- Ailanthus altissima is a rapidly growing, typically small tree up to 80 ft. (24.4 m) in height and 6 ft. (1.8 m) in diameter. It has large leaf scars on the twigs.
- Foliage is one of the best identifying characteristics for this species. The leaves are pinnately compound and 1-4 ft. (0.3-1.2 m) in length with 10-41 leaflets. Ailanthus altissima resembles native sumac and hickory species, but it is easily distinguished by the glandular, notched base on each leaflet.
- Species is dioecious and flowering occurs in early summer when large clusters of yellow flowers develop above the foliage.
- Fruit produced on female plants are tan to reddish, single winged and can be wind or water-dispersed.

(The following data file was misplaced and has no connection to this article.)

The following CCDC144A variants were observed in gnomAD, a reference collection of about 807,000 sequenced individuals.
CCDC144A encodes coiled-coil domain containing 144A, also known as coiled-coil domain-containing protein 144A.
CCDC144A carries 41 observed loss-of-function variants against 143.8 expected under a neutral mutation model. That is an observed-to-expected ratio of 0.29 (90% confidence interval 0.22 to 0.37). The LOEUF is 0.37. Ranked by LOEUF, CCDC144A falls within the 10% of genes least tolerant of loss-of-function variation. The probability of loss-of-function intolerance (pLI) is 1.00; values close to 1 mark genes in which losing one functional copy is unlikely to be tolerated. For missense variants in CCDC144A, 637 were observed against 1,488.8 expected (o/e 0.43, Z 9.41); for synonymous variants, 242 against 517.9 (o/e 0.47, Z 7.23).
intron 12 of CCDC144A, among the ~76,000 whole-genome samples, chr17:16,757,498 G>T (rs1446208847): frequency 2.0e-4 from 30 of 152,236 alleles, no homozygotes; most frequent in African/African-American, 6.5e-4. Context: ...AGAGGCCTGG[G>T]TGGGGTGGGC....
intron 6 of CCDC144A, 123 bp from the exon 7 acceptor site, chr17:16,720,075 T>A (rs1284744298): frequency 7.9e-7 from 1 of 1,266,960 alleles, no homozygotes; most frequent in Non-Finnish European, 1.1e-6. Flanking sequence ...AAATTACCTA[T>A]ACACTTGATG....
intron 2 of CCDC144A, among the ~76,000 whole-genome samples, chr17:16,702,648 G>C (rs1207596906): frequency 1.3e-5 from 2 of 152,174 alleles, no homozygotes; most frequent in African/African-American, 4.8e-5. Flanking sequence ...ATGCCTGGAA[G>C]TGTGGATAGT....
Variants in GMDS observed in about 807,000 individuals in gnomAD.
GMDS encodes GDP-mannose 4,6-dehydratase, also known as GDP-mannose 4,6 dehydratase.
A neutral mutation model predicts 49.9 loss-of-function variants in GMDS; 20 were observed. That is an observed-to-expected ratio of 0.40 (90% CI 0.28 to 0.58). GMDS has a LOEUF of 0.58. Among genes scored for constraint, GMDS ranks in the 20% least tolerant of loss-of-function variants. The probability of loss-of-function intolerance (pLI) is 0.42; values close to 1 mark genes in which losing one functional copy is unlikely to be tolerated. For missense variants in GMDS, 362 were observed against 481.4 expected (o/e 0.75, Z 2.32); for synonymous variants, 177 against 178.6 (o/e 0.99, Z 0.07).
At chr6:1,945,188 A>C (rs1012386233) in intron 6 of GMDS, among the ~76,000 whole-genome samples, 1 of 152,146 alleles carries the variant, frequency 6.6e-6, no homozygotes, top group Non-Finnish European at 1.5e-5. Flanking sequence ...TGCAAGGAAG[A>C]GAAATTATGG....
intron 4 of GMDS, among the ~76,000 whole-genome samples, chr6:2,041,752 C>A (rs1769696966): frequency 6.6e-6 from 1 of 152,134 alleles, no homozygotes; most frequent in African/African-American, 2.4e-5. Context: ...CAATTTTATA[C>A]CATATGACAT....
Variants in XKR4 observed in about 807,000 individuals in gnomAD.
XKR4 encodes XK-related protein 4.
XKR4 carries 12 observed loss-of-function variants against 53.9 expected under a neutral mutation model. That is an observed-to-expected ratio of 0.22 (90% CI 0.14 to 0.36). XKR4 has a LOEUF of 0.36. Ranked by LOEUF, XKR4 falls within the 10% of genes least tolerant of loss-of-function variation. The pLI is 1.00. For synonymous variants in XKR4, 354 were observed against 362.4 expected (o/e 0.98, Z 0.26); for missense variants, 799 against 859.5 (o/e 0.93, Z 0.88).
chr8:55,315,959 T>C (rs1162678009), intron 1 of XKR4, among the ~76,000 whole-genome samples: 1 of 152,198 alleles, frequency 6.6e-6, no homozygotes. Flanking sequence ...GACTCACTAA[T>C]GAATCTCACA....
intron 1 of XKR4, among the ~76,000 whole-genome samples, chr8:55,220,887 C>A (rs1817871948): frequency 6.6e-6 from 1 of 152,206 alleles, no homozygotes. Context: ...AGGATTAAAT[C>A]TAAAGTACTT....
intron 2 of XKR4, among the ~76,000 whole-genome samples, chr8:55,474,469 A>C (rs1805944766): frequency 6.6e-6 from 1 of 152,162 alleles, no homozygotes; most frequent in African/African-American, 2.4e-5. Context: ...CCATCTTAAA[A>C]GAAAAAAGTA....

- Ecological Threat
- Ailanthus altissima forms dense, clonal thickets which displace native species and can rapidly invade fields, meadows, and harvested forests. This invasive tree species is extremely tolerant of poor soil conditions and can even grow in cement cracks. Ailanthus altissima is not shade tolerant, but easily invades disturbed forests or forest edges causing habitat damage. Introduced as an ornamental, it was widely planted in cities because of its ability to grow in poor conditions. Management and control efforts for this species continue across the United States at great economic cost.